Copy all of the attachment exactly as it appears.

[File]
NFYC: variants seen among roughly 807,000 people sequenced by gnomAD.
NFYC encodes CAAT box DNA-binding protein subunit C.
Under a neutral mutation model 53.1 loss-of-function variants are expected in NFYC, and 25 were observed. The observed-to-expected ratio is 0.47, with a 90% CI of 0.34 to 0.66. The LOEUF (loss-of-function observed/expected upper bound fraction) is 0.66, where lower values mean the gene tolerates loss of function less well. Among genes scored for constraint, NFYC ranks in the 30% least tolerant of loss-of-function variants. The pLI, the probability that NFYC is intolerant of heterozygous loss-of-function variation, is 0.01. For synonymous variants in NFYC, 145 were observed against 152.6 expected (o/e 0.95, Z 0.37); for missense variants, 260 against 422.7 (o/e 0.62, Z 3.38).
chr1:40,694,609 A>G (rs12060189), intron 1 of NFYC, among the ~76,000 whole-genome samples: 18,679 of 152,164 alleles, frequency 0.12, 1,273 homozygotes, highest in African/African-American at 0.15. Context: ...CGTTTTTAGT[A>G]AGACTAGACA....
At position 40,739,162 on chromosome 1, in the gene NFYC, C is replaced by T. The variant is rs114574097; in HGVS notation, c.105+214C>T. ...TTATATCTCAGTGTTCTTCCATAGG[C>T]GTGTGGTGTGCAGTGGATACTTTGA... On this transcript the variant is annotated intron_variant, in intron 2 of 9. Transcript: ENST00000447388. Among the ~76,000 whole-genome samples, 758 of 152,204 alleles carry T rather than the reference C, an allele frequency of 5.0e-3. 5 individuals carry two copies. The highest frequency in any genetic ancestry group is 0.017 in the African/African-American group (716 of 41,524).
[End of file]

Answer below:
NFYC: variants seen among roughly 807,000 people sequenced by gnomAD.
NFYC encodes CAAT box DNA-binding protein subunit C.
Under a neutral mutation model 53.1 loss-of-function variants are expected in NFYC, and 25 were observed. The observed-to-expected ratio is 0.47, with a 90% CI of 0.34 to 0.66. The LOEUF (loss-of-function observed/expected upper bound fraction) is 0.66, where lower values mean the gene tolerates loss of function less well. Among genes scored for constraint, NFYC ranks in the 30% least tolerant of loss-of-function variants. The pLI, the probability that NFYC is intolerant of heterozygous loss-of-function variation, is 0.01. For synonymous variants in NFYC, 145 were observed against 152.6 expected (o/e 0.95, Z 0.37); for missense variants, 260 against 422.7 (o/e 0.62, Z 3.38).
chr1:40,694,609 A>G (rs12060189), intron 1 of NFYC, among the ~76,000 whole-genome samples: 18,679 of 152,164 alleles, frequency 0.12, 1,273 homozygotes, highest in African/African-American at 0.15. Context: ...CGTTTTTAGT[A>G]AGACTAGACA....
At position 40,739,162 on chromosome 1, in the gene NFYC, C is replaced by T. The variant is rs114574097; in HGVS notation, c.105+214C>T. ...TTATATCTCAGTGTTCTTCCATAGG[C>T]GTGTGGTGTGCAGTGGATACTTTGA... On this transcript the variant is annotated intron_variant, in intron 2 of 9. Transcript: ENST00000447388. Among the ~76,000 whole-genome samples, 758 of 152,204 alleles carry T rather than the reference C, an allele frequency of 5.0e-3. 5 individuals carry two copies. The highest frequency in any genetic ancestry group is 0.017 in the African/African-American group (716 of 41,524).